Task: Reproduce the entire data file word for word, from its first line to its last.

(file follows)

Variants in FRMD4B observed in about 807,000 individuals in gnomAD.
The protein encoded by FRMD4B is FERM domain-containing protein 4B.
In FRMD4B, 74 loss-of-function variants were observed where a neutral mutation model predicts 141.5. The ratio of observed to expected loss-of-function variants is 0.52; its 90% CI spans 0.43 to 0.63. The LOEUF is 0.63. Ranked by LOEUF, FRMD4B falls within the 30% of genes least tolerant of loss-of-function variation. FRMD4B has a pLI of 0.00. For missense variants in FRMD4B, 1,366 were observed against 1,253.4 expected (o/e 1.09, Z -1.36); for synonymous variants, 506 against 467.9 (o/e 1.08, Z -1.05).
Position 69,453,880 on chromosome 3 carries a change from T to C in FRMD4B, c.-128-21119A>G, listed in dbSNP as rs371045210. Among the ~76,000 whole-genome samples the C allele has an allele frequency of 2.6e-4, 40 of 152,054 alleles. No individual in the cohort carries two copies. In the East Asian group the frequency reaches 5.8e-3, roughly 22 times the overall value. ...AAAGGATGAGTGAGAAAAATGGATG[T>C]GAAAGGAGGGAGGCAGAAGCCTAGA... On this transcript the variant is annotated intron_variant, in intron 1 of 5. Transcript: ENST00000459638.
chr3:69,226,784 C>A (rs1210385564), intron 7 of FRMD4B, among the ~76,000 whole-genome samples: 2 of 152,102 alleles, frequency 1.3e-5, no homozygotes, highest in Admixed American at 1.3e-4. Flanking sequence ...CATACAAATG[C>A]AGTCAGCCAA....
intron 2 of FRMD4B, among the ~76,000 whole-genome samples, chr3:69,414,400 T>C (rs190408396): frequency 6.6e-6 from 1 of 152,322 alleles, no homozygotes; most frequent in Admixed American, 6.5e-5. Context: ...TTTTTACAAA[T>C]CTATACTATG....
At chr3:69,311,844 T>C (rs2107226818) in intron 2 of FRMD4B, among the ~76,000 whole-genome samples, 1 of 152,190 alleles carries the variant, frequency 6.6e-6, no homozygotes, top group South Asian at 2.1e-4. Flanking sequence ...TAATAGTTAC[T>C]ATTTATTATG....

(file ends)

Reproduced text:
Variants in FRMD4B observed in about 807,000 individuals in gnomAD.
The protein encoded by FRMD4B is FERM domain-containing protein 4B.
In FRMD4B, 74 loss-of-function variants were observed where a neutral mutation model predicts 141.5. The ratio of observed to expected loss-of-function variants is 0.52; its 90% CI spans 0.43 to 0.63. The LOEUF is 0.63. Ranked by LOEUF, FRMD4B falls within the 30% of genes least tolerant of loss-of-function variation. FRMD4B has a pLI of 0.00. For missense variants in FRMD4B, 1,366 were observed against 1,253.4 expected (o/e 1.09, Z -1.36); for synonymous variants, 506 against 467.9 (o/e 1.08, Z -1.05).
Position 69,453,880 on chromosome 3 carries a change from T to C in FRMD4B, c.-128-21119A>G, listed in dbSNP as rs371045210. Among the ~76,000 whole-genome samples the C allele has an allele frequency of 2.6e-4, 40 of 152,054 alleles. No individual in the cohort carries two copies. In the East Asian group the frequency reaches 5.8e-3, roughly 22 times the overall value. ...AAAGGATGAGTGAGAAAAATGGATG[T>C]GAAAGGAGGGAGGCAGAAGCCTAGA... On this transcript the variant is annotated intron_variant, in intron 1 of 5. Transcript: ENST00000459638.
chr3:69,226,784 C>A (rs1210385564), intron 7 of FRMD4B, among the ~76,000 whole-genome samples: 2 of 152,102 alleles, frequency 1.3e-5, no homozygotes, highest in Admixed American at 1.3e-4. Flanking sequence ...CATACAAATG[C>A]AGTCAGCCAA....
intron 2 of FRMD4B, among the ~76,000 whole-genome samples, chr3:69,414,400 T>C (rs190408396): frequency 6.6e-6 from 1 of 152,322 alleles, no homozygotes; most frequent in Admixed American, 6.5e-5. Context: ...TTTTTACAAA[T>C]CTATACTATG....
At chr3:69,311,844 T>C (rs2107226818) in intron 2 of FRMD4B, among the ~76,000 whole-genome samples, 1 of 152,190 alleles carries the variant, frequency 6.6e-6, no homozygotes, top group South Asian at 2.1e-4. Flanking sequence ...TAATAGTTAC[T>C]ATTTATTATG....